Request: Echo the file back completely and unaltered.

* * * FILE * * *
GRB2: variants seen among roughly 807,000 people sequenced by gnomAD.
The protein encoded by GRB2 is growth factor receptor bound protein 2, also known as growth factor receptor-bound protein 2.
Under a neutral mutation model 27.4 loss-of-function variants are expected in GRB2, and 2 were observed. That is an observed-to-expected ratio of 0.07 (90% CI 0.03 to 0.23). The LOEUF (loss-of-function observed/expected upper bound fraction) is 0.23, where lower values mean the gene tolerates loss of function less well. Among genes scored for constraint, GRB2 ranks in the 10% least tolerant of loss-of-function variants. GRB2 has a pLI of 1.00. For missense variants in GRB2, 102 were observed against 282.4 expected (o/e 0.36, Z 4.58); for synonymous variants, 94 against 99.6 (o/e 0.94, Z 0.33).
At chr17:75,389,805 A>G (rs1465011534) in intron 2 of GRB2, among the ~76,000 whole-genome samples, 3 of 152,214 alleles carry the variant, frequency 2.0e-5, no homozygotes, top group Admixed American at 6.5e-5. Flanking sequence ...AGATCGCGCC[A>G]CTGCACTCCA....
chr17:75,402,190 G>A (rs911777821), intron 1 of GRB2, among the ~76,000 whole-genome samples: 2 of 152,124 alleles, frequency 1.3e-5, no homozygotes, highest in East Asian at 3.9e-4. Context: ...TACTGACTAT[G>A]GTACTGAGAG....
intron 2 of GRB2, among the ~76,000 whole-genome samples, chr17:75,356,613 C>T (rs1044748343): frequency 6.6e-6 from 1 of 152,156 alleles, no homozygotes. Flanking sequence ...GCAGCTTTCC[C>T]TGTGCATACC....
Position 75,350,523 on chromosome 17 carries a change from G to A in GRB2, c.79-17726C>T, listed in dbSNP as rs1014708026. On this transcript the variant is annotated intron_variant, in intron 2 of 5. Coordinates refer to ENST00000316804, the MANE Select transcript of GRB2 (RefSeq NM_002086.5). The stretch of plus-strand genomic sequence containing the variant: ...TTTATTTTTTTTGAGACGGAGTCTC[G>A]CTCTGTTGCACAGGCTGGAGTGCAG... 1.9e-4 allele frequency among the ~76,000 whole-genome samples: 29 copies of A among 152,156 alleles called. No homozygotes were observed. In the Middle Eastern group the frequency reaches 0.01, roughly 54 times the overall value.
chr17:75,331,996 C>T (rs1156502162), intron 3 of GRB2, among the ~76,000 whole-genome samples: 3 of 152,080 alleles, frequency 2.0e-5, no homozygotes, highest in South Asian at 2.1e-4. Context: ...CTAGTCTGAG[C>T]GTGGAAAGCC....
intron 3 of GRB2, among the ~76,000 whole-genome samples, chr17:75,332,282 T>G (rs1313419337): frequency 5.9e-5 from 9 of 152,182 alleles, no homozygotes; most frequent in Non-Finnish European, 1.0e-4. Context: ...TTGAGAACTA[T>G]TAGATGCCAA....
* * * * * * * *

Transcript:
GRB2: variants seen among roughly 807,000 people sequenced by gnomAD.
The protein encoded by GRB2 is growth factor receptor bound protein 2, also known as growth factor receptor-bound protein 2.
Under a neutral mutation model 27.4 loss-of-function variants are expected in GRB2, and 2 were observed. That is an observed-to-expected ratio of 0.07 (90% CI 0.03 to 0.23). The LOEUF (loss-of-function observed/expected upper bound fraction) is 0.23, where lower values mean the gene tolerates loss of function less well. Among genes scored for constraint, GRB2 ranks in the 10% least tolerant of loss-of-function variants. GRB2 has a pLI of 1.00. For missense variants in GRB2, 102 were observed against 282.4 expected (o/e 0.36, Z 4.58); for synonymous variants, 94 against 99.6 (o/e 0.94, Z 0.33).
At chr17:75,389,805 A>G (rs1465011534) in intron 2 of GRB2, among the ~76,000 whole-genome samples, 3 of 152,214 alleles carry the variant, frequency 2.0e-5, no homozygotes, top group Admixed American at 6.5e-5. Flanking sequence ...AGATCGCGCC[A>G]CTGCACTCCA....
chr17:75,402,190 G>A (rs911777821), intron 1 of GRB2, among the ~76,000 whole-genome samples: 2 of 152,124 alleles, frequency 1.3e-5, no homozygotes, highest in East Asian at 3.9e-4. Context: ...TACTGACTAT[G>A]GTACTGAGAG....
intron 2 of GRB2, among the ~76,000 whole-genome samples, chr17:75,356,613 C>T (rs1044748343): frequency 6.6e-6 from 1 of 152,156 alleles, no homozygotes. Flanking sequence ...GCAGCTTTCC[C>T]TGTGCATACC....
Position 75,350,523 on chromosome 17 carries a change from G to A in GRB2, c.79-17726C>T, listed in dbSNP as rs1014708026. On this transcript the variant is annotated intron_variant, in intron 2 of 5. Coordinates refer to ENST00000316804, the MANE Select transcript of GRB2 (RefSeq NM_002086.5). The stretch of plus-strand genomic sequence containing the variant: ...TTTATTTTTTTTGAGACGGAGTCTC[G>A]CTCTGTTGCACAGGCTGGAGTGCAG... 1.9e-4 allele frequency among the ~76,000 whole-genome samples: 29 copies of A among 152,156 alleles called. No homozygotes were observed. In the Middle Eastern group the frequency reaches 0.01, roughly 54 times the overall value.
chr17:75,331,996 C>T (rs1156502162), intron 3 of GRB2, among the ~76,000 whole-genome samples: 3 of 152,080 alleles, frequency 2.0e-5, no homozygotes, highest in South Asian at 2.1e-4. Context: ...CTAGTCTGAG[C>T]GTGGAAAGCC....
intron 3 of GRB2, among the ~76,000 whole-genome samples, chr17:75,332,282 T>G (rs1313419337): frequency 5.9e-5 from 9 of 152,182 alleles, no homozygotes; most frequent in Non-Finnish European, 1.0e-4. Context: ...TTGAGAACTA[T>G]TAGATGCCAA....